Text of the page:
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Read the section about Inca mythology to understand the importance of rock piles. Certainly in Inca (and probably pre-Inca) times a small pile of rocks would mark your household place or huaclla (the size of which, of course, depended on whether you were a peasant farmer or an emperor!). It is understandable, given the terrain, that Andean cultures would have a thing about mountains (what with the earthquakes, volcanoes, altiplano and Andes peaks). Many sacrifices and necropoli are associated with mountains.
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The minibus took us past more sand dunes and beaches (no-one seemed to use these beaches- in Europe they would have been packed. Apparently Paracas is trying to develop itself as a seaside destination). We parked a short walk from the overhang that looked down over The Cathedral, where we were lucky enough to spot a whole school of dolphins. The Cathedral (or rather what was left of it after the natural arch was destroyed the 2007 tsunami) was covered with guano birds. It was very windy and we soon left to visit Devil Beach overhang. Our guide said this was one of the more dangerous beaches as it had a terrible undertow. We were getting rather hungry, so we headed back to our hotel for a late lunch of fresh seafood, which we ate outside with a glorious view of the bay. For wine- a recommendation from the maitre d’ was a local white; Vista Alegre Pinot from one of Peru’s largest vineyards, establish 1857. A lower alcohol wine since we had a longish journey, it was light and fruity and pleasant for lunch.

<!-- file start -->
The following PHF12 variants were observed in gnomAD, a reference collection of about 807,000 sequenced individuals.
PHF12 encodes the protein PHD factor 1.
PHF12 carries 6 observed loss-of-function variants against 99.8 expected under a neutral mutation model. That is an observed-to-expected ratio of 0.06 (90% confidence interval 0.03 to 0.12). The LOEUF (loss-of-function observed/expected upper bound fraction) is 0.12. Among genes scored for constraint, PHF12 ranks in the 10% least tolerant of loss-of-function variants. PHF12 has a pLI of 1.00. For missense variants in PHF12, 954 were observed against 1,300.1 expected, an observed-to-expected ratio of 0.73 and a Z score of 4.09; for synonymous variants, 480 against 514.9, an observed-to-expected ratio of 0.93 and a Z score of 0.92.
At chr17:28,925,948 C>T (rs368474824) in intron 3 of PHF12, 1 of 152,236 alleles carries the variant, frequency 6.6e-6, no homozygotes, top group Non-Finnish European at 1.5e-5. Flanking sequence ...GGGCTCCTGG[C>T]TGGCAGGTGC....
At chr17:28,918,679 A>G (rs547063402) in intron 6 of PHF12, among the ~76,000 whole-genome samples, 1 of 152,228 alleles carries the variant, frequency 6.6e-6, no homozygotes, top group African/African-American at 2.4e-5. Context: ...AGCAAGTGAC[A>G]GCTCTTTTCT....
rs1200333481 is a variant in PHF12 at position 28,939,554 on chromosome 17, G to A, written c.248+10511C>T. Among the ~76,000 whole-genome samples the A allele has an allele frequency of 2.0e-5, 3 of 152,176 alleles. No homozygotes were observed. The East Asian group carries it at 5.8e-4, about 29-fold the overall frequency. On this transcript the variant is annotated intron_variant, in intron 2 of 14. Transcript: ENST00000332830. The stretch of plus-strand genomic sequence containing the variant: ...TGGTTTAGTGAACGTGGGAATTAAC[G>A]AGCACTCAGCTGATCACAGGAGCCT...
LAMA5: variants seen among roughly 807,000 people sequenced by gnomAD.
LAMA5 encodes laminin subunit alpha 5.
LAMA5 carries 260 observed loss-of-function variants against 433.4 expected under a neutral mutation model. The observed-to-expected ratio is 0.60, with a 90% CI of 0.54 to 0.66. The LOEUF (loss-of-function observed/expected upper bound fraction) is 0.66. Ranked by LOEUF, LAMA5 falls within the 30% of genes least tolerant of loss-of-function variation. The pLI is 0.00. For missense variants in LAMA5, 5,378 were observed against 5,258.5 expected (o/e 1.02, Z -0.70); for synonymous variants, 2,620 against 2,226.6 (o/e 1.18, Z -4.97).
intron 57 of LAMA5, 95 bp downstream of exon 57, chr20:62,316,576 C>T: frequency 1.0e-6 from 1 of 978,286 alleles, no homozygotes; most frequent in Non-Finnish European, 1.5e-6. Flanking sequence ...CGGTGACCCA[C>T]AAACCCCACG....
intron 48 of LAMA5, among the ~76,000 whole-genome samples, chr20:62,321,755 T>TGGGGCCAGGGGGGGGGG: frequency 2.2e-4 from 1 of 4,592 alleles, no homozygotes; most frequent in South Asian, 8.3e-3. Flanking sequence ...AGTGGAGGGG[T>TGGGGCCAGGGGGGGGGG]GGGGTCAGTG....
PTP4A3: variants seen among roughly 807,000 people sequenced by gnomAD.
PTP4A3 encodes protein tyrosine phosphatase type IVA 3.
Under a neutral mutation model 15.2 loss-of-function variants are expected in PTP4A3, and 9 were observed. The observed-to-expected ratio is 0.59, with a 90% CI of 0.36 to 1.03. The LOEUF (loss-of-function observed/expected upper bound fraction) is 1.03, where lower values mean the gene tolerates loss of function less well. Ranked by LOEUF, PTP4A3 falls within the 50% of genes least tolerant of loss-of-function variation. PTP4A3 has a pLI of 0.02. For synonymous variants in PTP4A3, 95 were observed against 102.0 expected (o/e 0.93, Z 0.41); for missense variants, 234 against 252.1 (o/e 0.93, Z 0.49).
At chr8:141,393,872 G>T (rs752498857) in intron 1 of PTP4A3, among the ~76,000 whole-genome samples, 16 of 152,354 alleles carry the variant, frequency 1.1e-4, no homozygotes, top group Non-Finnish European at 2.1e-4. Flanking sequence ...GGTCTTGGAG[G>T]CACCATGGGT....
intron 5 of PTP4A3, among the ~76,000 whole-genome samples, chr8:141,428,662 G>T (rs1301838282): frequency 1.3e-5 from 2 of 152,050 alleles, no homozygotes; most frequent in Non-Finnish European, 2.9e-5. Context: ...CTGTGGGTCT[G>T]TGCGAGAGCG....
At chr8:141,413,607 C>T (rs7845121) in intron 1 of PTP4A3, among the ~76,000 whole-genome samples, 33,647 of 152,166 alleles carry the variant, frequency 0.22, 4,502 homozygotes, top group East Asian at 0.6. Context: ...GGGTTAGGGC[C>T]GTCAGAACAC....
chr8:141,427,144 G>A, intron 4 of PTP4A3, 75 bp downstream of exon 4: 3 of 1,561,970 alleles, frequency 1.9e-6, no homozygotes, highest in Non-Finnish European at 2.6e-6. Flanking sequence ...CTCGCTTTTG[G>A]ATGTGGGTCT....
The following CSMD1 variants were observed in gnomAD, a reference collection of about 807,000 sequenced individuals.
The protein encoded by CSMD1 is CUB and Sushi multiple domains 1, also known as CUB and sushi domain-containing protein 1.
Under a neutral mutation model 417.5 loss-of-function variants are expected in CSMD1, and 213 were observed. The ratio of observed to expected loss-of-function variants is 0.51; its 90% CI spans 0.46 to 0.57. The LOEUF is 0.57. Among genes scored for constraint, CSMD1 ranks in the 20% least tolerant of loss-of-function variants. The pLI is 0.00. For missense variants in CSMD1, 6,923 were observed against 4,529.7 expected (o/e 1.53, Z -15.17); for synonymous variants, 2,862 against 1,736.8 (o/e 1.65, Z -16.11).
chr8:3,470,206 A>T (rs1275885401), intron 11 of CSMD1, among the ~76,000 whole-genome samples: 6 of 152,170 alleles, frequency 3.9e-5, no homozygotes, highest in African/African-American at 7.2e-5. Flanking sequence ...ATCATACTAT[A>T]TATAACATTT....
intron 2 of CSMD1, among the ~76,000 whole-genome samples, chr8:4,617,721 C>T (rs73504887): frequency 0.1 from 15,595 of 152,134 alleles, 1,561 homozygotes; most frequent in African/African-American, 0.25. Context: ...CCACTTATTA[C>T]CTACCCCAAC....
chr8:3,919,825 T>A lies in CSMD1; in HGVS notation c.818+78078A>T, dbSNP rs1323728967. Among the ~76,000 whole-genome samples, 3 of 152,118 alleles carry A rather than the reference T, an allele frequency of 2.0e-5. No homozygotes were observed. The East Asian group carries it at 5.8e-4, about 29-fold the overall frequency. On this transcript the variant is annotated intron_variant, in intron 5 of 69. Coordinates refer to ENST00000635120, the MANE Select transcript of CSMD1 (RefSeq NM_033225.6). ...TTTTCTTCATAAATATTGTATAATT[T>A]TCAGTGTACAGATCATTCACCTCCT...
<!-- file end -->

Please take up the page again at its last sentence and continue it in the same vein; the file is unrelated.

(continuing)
We spent the afternoon sitting on the beach chilling, before our taxi took us back to the Paracas coach station shed to catch the coach to Nazca. The same system of luggage check-in and off we set.
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Paracas Reserve
This is the only coastal / marine reserve in Peru. It is a World Heritage site of 335000 hectares (land and sea) and covers the ecosystem, geography and archaeology of the local pre-Inca Paracas and Chavin cultures. The sun shines around 18.7 °C all year and there is virtually no rainfall. Wind in general is 15 km/h but in the paracas time reaches 32 km/h.